Gravity loads divided into two categories which are dead load and live load.
2.2.1.1 Dead Load (D.L)
Dead load of slabs are shown in table 2.1.2.2.1.1 Dead Load (D.L)
Table 2. 1: Dead Load Magnitudes
Floor

Slab
Type

D.L
(ton/m^{2})

Basement floor

Solid Slab

1.027

Ribbed Slab

0.943


Waffle Slab

0.770


Flat Plate with edge
beams

1.152


Commercial floor

Solid Slab

0.902

Ribbed Slab

0.940


Waffle Slab

0.845


Flat Plate with edge
beams

1.127

2.2.1.2 Live Load (L.L)
Live loads can be determined from codes of practice. In this project life loads were taken from Jordanian Code. Table 2.1 shows live load magnitudes for different floors.
Floors

Usage

Load
(KN/m^{2})

Basement 1,2,3,4

Parking

4

Basement
5

Parking and storage

5

Ground floor, Mezzanine, floors 1,2

Commercial

4

Floors

Offices

4

*Note: These loads can be take from the local construction code of live loads, where every country has it's code for live loads for structural design purposes.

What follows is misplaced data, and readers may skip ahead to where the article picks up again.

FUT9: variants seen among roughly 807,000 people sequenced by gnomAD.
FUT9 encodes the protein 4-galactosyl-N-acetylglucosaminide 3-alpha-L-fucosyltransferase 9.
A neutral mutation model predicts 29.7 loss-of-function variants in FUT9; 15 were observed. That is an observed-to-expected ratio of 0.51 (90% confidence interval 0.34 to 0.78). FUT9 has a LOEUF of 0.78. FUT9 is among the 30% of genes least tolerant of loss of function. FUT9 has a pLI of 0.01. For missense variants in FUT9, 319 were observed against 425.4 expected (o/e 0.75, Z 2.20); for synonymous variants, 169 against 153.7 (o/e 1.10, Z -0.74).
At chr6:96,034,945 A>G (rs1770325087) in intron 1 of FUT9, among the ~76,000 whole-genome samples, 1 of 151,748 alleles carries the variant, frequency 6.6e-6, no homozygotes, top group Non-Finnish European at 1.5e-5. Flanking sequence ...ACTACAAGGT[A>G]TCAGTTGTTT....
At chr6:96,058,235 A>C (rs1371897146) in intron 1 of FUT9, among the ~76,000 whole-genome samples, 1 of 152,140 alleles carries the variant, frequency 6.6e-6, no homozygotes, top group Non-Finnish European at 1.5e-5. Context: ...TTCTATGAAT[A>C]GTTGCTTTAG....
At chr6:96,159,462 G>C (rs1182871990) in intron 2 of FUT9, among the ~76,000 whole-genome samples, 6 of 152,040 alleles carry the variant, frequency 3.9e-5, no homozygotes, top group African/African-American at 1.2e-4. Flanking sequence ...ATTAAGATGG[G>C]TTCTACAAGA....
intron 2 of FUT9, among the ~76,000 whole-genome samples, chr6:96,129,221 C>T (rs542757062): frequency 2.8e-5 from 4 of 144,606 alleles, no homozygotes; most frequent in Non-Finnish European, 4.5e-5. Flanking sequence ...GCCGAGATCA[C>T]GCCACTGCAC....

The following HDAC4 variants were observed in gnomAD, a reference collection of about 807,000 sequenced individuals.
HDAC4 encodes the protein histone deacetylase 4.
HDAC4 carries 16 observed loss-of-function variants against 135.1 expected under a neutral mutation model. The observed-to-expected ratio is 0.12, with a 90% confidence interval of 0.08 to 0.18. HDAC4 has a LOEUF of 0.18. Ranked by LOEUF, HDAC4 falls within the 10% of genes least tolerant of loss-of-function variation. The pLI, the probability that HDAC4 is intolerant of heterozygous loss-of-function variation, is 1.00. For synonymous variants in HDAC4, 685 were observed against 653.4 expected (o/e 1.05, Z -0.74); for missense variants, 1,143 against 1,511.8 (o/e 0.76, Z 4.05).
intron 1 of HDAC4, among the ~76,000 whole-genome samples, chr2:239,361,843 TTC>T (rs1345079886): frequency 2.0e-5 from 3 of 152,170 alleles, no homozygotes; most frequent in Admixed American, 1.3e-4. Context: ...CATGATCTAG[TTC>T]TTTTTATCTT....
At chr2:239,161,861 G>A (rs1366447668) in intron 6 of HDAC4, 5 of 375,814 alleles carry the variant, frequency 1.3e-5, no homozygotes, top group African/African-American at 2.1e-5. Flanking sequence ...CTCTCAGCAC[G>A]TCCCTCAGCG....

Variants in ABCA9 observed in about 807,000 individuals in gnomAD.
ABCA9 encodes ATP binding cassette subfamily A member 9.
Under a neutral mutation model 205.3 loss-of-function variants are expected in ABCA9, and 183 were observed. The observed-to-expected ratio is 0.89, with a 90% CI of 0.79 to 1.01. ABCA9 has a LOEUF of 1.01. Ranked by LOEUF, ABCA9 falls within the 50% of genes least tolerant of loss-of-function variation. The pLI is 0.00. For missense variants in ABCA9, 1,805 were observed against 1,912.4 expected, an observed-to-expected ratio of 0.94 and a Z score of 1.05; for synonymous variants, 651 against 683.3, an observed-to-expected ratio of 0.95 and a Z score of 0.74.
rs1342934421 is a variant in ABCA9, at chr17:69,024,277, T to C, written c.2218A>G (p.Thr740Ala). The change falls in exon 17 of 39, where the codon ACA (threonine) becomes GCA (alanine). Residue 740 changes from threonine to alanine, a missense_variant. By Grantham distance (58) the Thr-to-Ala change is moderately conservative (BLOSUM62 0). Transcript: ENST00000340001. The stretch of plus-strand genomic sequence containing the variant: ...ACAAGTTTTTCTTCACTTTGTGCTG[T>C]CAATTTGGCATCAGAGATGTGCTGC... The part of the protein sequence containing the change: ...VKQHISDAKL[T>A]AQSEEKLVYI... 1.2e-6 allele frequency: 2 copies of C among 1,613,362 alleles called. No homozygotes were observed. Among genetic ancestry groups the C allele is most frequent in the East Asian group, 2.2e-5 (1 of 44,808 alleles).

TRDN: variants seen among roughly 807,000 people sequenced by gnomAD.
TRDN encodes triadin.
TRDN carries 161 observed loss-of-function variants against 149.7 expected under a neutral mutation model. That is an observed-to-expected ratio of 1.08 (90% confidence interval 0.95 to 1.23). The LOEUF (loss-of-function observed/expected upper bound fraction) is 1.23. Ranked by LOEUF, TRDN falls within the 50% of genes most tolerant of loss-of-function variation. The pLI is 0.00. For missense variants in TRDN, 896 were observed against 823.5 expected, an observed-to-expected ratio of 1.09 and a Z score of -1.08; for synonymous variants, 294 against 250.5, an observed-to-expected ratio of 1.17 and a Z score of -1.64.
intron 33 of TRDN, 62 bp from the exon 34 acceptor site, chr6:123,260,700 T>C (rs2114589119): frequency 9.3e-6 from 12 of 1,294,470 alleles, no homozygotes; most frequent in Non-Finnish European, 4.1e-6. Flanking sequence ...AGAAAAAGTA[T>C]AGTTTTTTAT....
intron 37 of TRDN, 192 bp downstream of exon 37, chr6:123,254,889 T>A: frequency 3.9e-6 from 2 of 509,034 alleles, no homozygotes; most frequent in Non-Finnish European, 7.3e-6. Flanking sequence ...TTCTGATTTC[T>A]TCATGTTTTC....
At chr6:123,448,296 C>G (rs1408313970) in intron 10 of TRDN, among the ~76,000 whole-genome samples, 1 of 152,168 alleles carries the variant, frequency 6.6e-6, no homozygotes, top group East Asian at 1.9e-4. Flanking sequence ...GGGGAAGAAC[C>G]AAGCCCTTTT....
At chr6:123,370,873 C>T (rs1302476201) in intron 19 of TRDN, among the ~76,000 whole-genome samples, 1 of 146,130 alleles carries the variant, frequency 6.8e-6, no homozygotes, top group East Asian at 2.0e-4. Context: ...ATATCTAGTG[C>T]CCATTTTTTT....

2.2.1.3 Lateral Loads
Lateral loads are loads which acts laterally on building such as wind load and earthquake load and earth pressure of the building.
These loads will be discussed in Part 2.
U = 1.2D + 1.6L
Where:
U: Ultimate Load.
D: Dead Load.
L: Live Load.
Table 2.3 shows ultimate load on slabs.
Lateral loads are loads which acts laterally on building such as wind load and earthquake load and earth pressure of the building.
These loads will be discussed in Part 2.
2.3 Load Combinations
One load combination used here since just dead load and live load (excluding snow) to be considered.U = 1.2D + 1.6L
Where:
U: Ultimate Load.
D: Dead Load.
L: Live Load.
Table 2.3 shows ultimate load on slabs.
Table 2. 3: Ultimate Load on Slabs.
Floor

Slab
Type

D.L
(ton/m^{2})

Basement floor

Solid Slab

2.245

Ribbed Slab

2.148


Waffle Slab

1.940


Flat Plate with edge
beams

2.400


Commercial floor

Solid Slab

2.100

Ribbed Slab

2.144


Waffle Slab

2.030


Flat Plate with edge
beams

2.370

2.4 Design Criteria
Two design criteria to be considered in this project which are: Strength criterion and Serviceability criterion.2.4.1 Strength Criterion
Ultimate strength method used in this project which indicates that structural member should be designed to avoid all potential modes of failure.
General Equation:
Where:
Ф: Strength reduction factor.
Rn: Nominal member strength
Ru: Ultimate strength (combination of factored different types of loads)
2.4.2 Serviceability Criterion